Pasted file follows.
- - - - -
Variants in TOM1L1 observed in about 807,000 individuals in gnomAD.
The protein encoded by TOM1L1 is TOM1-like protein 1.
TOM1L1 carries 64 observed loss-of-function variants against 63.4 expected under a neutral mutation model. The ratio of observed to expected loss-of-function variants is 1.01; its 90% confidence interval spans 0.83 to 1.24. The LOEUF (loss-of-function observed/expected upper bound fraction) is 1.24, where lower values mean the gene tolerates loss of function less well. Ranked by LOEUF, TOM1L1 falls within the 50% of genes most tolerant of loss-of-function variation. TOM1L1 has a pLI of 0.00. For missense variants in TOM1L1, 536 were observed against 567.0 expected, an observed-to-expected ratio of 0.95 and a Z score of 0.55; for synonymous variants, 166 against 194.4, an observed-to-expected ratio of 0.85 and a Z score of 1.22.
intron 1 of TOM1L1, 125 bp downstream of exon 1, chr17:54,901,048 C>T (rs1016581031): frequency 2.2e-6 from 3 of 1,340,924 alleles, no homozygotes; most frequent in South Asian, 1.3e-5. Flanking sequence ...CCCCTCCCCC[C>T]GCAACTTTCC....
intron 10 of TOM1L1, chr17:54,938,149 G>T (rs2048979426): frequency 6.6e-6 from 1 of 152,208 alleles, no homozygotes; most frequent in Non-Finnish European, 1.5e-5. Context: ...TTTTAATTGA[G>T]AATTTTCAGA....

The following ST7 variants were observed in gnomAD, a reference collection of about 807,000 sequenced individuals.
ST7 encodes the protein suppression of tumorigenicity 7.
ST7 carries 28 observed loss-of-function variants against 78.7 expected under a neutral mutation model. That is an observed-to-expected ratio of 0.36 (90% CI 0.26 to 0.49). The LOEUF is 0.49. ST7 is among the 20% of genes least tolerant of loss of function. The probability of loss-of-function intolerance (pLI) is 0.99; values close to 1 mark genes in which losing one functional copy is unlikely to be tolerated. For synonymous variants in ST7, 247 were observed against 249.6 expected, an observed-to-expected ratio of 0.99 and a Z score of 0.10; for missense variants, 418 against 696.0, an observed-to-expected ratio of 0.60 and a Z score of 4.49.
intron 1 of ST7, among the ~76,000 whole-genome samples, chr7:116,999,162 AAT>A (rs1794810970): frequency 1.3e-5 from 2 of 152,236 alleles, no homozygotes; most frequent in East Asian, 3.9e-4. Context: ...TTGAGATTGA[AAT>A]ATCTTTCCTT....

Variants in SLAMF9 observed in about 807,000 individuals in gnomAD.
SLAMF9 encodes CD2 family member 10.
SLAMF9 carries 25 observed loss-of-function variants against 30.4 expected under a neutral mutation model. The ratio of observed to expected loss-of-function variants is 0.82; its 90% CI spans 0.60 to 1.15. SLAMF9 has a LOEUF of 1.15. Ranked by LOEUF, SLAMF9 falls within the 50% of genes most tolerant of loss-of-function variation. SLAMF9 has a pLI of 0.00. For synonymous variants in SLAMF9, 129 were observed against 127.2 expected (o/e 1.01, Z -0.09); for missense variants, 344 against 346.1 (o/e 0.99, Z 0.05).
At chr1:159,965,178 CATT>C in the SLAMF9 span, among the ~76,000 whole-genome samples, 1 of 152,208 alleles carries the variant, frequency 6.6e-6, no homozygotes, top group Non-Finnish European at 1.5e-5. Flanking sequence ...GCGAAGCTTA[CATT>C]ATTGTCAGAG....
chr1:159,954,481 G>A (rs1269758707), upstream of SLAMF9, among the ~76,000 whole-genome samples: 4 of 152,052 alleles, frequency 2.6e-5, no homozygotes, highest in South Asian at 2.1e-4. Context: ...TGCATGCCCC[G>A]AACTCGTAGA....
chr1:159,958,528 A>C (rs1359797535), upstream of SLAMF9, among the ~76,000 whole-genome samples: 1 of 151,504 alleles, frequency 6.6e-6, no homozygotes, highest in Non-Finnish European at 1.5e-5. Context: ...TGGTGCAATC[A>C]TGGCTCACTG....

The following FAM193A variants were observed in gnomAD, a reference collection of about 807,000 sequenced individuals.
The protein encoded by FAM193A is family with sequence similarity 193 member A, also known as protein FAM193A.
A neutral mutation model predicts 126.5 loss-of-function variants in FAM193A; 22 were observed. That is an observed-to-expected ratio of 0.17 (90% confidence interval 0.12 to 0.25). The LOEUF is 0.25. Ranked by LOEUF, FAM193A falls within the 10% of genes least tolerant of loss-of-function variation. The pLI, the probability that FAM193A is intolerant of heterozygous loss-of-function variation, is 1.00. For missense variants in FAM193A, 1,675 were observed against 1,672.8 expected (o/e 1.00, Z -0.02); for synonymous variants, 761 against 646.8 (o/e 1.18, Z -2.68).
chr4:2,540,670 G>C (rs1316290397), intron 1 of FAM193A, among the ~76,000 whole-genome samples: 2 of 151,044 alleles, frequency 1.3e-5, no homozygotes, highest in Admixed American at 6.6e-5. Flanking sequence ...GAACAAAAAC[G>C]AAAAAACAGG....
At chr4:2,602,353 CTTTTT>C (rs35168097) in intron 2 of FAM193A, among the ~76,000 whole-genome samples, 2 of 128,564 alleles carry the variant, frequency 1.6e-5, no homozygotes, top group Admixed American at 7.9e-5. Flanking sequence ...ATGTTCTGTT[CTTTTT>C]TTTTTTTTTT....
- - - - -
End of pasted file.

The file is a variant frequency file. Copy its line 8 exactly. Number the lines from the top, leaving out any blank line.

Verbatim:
ST7 carries 28 observed loss-of-function variants against 78.7 expected under a neutral mutation model. That is an observed-to-expected ratio of 0.36 (90% CI 0.26 to 0.49). The LOEUF is 0.49. ST7 is among the 20% of genes least tolerant of loss of function. The probability of loss-of-function intolerance (pLI) is 0.99; values close to 1 mark genes in which losing one functional copy is unlikely to be tolerated. For synonymous variants in ST7, 247 were observed against 249.6 expected, an observed-to-expected ratio of 0.99 and a Z score of 0.10; for missense variants, 418 against 696.0, an observed-to-expected ratio of 0.60 and a Z score of 4.49.